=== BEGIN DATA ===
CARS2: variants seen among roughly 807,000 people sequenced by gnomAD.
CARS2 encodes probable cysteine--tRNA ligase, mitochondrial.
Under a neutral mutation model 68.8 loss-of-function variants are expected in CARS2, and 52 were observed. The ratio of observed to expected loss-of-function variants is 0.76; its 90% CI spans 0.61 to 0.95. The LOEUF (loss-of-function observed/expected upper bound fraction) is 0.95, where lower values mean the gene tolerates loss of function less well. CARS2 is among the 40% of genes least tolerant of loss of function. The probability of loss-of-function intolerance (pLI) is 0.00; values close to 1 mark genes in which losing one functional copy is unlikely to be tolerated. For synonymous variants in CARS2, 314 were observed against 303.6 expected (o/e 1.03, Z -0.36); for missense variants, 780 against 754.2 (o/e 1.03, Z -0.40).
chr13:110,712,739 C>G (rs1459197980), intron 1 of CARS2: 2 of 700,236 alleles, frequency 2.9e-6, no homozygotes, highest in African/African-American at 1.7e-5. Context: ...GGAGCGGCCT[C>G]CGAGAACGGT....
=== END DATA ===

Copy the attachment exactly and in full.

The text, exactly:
CARS2: variants seen among roughly 807,000 people sequenced by gnomAD.
CARS2 encodes probable cysteine--tRNA ligase, mitochondrial.
Under a neutral mutation model 68.8 loss-of-function variants are expected in CARS2, and 52 were observed. The ratio of observed to expected loss-of-function variants is 0.76; its 90% CI spans 0.61 to 0.95. The LOEUF (loss-of-function observed/expected upper bound fraction) is 0.95, where lower values mean the gene tolerates loss of function less well. CARS2 is among the 40% of genes least tolerant of loss of function. The probability of loss-of-function intolerance (pLI) is 0.00; values close to 1 mark genes in which losing one functional copy is unlikely to be tolerated. For synonymous variants in CARS2, 314 were observed against 303.6 expected (o/e 1.03, Z -0.36); for missense variants, 780 against 754.2 (o/e 1.03, Z -0.40).
chr13:110,712,739 C>G (rs1459197980), intron 1 of CARS2: 2 of 700,236 alleles, frequency 2.9e-6, no homozygotes, highest in African/African-American at 1.7e-5. Context: ...GGAGCGGCCT[C>G]CGAGAACGGT....